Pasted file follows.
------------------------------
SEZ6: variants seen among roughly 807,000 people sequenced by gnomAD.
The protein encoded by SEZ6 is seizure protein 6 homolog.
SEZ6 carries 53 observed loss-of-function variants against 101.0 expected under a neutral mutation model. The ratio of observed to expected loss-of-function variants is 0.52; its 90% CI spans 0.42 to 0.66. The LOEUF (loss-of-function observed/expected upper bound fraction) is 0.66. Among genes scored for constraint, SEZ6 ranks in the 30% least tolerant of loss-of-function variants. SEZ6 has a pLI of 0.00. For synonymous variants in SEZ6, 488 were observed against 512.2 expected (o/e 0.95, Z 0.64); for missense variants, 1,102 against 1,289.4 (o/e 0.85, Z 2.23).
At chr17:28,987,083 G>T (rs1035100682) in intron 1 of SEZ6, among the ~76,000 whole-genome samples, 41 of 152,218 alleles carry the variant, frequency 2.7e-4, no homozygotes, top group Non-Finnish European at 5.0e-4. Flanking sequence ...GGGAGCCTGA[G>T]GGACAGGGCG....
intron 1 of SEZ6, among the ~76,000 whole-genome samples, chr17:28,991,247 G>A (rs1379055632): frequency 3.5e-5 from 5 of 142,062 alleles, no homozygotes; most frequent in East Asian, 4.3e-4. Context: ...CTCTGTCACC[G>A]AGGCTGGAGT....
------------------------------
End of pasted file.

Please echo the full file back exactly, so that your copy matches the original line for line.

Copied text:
SEZ6: variants seen among roughly 807,000 people sequenced by gnomAD.
The protein encoded by SEZ6 is seizure protein 6 homolog.
SEZ6 carries 53 observed loss-of-function variants against 101.0 expected under a neutral mutation model. The ratio of observed to expected loss-of-function variants is 0.52; its 90% CI spans 0.42 to 0.66. The LOEUF (loss-of-function observed/expected upper bound fraction) is 0.66. Among genes scored for constraint, SEZ6 ranks in the 30% least tolerant of loss-of-function variants. SEZ6 has a pLI of 0.00. For synonymous variants in SEZ6, 488 were observed against 512.2 expected (o/e 0.95, Z 0.64); for missense variants, 1,102 against 1,289.4 (o/e 0.85, Z 2.23).
At chr17:28,987,083 G>T (rs1035100682) in intron 1 of SEZ6, among the ~76,000 whole-genome samples, 41 of 152,218 alleles carry the variant, frequency 2.7e-4, no homozygotes, top group Non-Finnish European at 5.0e-4. Flanking sequence ...GGGAGCCTGA[G>T]GGACAGGGCG....
intron 1 of SEZ6, among the ~76,000 whole-genome samples, chr17:28,991,247 G>A (rs1379055632): frequency 3.5e-5 from 5 of 142,062 alleles, no homozygotes; most frequent in East Asian, 4.3e-4. Context: ...CTCTGTCACC[G>A]AGGCTGGAGT....